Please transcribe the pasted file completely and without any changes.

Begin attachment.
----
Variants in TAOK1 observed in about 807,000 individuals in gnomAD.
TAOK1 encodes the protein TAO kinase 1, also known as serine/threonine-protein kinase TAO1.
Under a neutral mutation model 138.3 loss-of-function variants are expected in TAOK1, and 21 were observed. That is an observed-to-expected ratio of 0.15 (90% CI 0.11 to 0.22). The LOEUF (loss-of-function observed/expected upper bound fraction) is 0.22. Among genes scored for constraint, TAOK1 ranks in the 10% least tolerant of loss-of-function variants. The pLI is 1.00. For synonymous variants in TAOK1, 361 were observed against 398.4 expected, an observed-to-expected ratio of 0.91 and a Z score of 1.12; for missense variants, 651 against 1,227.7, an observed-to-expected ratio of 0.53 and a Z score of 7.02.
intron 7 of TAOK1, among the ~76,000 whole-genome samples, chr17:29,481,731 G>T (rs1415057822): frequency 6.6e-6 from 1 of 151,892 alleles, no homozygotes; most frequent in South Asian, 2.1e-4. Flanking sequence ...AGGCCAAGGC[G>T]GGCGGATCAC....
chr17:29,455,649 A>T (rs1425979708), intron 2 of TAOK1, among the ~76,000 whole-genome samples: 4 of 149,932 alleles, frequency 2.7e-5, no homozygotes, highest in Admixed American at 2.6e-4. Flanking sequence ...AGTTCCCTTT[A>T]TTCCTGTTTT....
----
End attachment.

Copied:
Variants in TAOK1 observed in about 807,000 individuals in gnomAD.
TAOK1 encodes the protein TAO kinase 1, also known as serine/threonine-protein kinase TAO1.
Under a neutral mutation model 138.3 loss-of-function variants are expected in TAOK1, and 21 were observed. That is an observed-to-expected ratio of 0.15 (90% CI 0.11 to 0.22). The LOEUF (loss-of-function observed/expected upper bound fraction) is 0.22. Among genes scored for constraint, TAOK1 ranks in the 10% least tolerant of loss-of-function variants. The pLI is 1.00. For synonymous variants in TAOK1, 361 were observed against 398.4 expected, an observed-to-expected ratio of 0.91 and a Z score of 1.12; for missense variants, 651 against 1,227.7, an observed-to-expected ratio of 0.53 and a Z score of 7.02.
intron 7 of TAOK1, among the ~76,000 whole-genome samples, chr17:29,481,731 G>T (rs1415057822): frequency 6.6e-6 from 1 of 151,892 alleles, no homozygotes; most frequent in South Asian, 2.1e-4. Flanking sequence ...AGGCCAAGGC[G>T]GGCGGATCAC....
chr17:29,455,649 A>T (rs1425979708), intron 2 of TAOK1, among the ~76,000 whole-genome samples: 4 of 149,932 alleles, frequency 2.7e-5, no homozygotes, highest in Admixed American at 2.6e-4. Flanking sequence ...AGTTCCCTTT[A>T]TTCCTGTTTT....